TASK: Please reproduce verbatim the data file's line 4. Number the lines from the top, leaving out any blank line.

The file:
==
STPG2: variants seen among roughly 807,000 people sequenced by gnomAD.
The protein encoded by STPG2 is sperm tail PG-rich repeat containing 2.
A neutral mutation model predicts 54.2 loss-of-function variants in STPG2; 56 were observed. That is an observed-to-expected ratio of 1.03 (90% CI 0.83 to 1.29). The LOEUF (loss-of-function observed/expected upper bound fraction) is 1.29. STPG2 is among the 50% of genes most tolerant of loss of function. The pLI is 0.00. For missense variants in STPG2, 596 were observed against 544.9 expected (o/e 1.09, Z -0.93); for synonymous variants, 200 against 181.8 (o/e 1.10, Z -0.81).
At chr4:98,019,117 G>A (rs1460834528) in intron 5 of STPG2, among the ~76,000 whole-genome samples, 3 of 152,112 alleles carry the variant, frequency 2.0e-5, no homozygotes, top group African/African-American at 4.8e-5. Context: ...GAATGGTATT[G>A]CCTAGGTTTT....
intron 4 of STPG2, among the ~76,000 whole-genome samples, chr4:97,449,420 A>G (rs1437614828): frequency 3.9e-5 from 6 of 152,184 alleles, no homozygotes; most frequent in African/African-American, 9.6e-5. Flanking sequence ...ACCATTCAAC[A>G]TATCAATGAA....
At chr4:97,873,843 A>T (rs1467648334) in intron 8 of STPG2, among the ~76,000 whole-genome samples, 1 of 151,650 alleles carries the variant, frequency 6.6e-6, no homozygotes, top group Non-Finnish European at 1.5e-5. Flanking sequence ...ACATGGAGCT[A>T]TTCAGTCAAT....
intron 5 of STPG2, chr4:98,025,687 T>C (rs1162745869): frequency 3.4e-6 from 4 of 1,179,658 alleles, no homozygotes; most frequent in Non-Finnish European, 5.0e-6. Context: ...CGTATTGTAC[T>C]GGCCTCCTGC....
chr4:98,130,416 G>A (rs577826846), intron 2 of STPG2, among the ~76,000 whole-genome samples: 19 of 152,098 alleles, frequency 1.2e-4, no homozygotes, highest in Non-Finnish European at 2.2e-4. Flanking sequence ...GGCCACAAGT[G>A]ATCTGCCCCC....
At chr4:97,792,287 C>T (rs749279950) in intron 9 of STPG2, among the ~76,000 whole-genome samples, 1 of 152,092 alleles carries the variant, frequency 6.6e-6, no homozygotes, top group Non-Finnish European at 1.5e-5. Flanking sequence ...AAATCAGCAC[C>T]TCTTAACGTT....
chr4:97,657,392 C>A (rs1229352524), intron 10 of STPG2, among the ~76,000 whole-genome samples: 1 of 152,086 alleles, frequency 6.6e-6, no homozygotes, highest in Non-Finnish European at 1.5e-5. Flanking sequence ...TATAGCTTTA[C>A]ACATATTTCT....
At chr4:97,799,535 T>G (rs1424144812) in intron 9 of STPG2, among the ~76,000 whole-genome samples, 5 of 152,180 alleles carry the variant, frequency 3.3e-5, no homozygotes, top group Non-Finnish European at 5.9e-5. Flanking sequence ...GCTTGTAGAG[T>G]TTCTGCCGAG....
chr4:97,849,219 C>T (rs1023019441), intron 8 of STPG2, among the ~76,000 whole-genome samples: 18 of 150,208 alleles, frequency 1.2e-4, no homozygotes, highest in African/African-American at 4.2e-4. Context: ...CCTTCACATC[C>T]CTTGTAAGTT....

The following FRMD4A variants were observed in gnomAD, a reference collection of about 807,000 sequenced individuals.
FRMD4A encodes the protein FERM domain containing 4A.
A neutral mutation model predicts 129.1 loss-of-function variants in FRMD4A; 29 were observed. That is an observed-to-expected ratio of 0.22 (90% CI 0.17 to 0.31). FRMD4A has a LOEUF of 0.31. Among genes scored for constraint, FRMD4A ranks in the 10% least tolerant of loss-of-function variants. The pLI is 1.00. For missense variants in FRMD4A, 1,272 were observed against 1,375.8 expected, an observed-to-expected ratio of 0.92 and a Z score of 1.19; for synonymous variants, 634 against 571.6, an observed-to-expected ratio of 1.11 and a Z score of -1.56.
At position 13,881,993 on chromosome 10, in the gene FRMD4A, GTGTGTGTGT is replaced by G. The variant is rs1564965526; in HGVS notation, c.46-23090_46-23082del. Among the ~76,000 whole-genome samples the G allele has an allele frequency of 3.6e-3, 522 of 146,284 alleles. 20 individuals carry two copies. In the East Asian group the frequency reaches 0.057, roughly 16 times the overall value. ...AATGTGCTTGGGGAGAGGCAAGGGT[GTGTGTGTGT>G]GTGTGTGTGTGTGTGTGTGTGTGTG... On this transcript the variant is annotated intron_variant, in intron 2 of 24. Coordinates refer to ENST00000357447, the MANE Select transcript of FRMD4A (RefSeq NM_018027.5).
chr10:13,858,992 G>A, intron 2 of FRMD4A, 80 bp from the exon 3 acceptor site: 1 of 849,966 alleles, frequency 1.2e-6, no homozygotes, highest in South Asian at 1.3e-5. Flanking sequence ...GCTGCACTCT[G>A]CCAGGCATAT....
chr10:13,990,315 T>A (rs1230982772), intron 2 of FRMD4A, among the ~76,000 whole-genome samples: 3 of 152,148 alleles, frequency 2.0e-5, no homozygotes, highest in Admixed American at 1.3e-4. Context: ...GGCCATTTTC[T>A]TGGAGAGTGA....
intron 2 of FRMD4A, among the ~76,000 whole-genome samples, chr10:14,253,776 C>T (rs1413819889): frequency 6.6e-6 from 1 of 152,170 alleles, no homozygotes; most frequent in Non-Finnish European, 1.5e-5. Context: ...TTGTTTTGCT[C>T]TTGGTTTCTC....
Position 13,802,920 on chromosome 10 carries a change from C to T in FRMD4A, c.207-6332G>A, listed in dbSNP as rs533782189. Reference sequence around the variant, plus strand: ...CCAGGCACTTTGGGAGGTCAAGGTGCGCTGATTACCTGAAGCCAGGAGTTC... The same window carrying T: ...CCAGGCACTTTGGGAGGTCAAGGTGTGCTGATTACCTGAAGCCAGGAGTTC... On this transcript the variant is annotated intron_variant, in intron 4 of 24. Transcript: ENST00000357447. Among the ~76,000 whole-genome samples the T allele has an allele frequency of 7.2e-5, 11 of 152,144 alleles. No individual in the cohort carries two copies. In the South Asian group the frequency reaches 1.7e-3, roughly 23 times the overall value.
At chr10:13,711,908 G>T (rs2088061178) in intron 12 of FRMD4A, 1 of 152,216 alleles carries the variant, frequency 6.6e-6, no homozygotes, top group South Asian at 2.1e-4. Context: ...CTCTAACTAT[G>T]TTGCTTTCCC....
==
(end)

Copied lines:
At chr4:98,019,117 G>A (rs1460834528) in intron 5 of STPG2, among the ~76,000 whole-genome samples, 3 of 152,112 alleles carry the variant, frequency 2.0e-5, no homozygotes, top group African/African-American at 4.8e-5. Context: ...GAATGGTATT[G>A]CCTAGGTTTT....